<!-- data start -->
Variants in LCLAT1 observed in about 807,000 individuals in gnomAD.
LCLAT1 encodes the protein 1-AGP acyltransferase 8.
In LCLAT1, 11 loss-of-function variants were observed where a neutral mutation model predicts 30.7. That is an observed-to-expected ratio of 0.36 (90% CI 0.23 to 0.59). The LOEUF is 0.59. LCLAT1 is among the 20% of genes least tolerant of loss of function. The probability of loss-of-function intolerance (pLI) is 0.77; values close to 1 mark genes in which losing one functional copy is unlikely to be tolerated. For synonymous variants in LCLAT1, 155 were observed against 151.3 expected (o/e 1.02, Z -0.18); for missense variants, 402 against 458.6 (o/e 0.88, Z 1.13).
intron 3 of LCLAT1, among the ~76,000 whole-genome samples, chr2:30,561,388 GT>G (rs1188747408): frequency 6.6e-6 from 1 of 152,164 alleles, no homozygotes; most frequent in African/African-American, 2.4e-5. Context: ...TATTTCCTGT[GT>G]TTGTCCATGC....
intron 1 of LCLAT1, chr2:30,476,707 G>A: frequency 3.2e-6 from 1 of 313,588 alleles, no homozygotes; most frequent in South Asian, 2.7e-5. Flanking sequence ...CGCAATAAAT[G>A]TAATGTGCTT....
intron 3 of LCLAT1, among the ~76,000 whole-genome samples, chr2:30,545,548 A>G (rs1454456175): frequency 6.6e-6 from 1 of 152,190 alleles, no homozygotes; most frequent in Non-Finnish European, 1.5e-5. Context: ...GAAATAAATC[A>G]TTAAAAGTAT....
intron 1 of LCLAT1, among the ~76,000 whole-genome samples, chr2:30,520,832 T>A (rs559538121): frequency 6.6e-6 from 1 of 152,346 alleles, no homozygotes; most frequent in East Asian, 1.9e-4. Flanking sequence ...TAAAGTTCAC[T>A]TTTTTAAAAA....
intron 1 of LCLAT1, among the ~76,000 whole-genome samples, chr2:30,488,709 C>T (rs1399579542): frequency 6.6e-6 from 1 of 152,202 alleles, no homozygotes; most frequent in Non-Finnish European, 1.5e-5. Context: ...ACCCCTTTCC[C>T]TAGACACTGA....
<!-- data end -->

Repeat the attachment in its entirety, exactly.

Variants in LCLAT1 observed in about 807,000 individuals in gnomAD.
LCLAT1 encodes the protein 1-AGP acyltransferase 8.
In LCLAT1, 11 loss-of-function variants were observed where a neutral mutation model predicts 30.7. That is an observed-to-expected ratio of 0.36 (90% CI 0.23 to 0.59). The LOEUF is 0.59. LCLAT1 is among the 20% of genes least tolerant of loss of function. The probability of loss-of-function intolerance (pLI) is 0.77; values close to 1 mark genes in which losing one functional copy is unlikely to be tolerated. For synonymous variants in LCLAT1, 155 were observed against 151.3 expected (o/e 1.02, Z -0.18); for missense variants, 402 against 458.6 (o/e 0.88, Z 1.13).
intron 3 of LCLAT1, among the ~76,000 whole-genome samples, chr2:30,561,388 GT>G (rs1188747408): frequency 6.6e-6 from 1 of 152,164 alleles, no homozygotes; most frequent in African/African-American, 2.4e-5. Context: ...TATTTCCTGT[GT>G]TTGTCCATGC....
intron 1 of LCLAT1, chr2:30,476,707 G>A: frequency 3.2e-6 from 1 of 313,588 alleles, no homozygotes; most frequent in South Asian, 2.7e-5. Flanking sequence ...CGCAATAAAT[G>A]TAATGTGCTT....
intron 3 of LCLAT1, among the ~76,000 whole-genome samples, chr2:30,545,548 A>G (rs1454456175): frequency 6.6e-6 from 1 of 152,190 alleles, no homozygotes; most frequent in Non-Finnish European, 1.5e-5. Context: ...GAAATAAATC[A>G]TTAAAAGTAT....
intron 1 of LCLAT1, among the ~76,000 whole-genome samples, chr2:30,520,832 T>A (rs559538121): frequency 6.6e-6 from 1 of 152,346 alleles, no homozygotes; most frequent in East Asian, 1.9e-4. Flanking sequence ...TAAAGTTCAC[T>A]TTTTTAAAAA....
intron 1 of LCLAT1, among the ~76,000 whole-genome samples, chr2:30,488,709 C>T (rs1399579542): frequency 6.6e-6 from 1 of 152,202 alleles, no homozygotes; most frequent in Non-Finnish European, 1.5e-5. Context: ...ACCCCTTTCC[C>T]TAGACACTGA....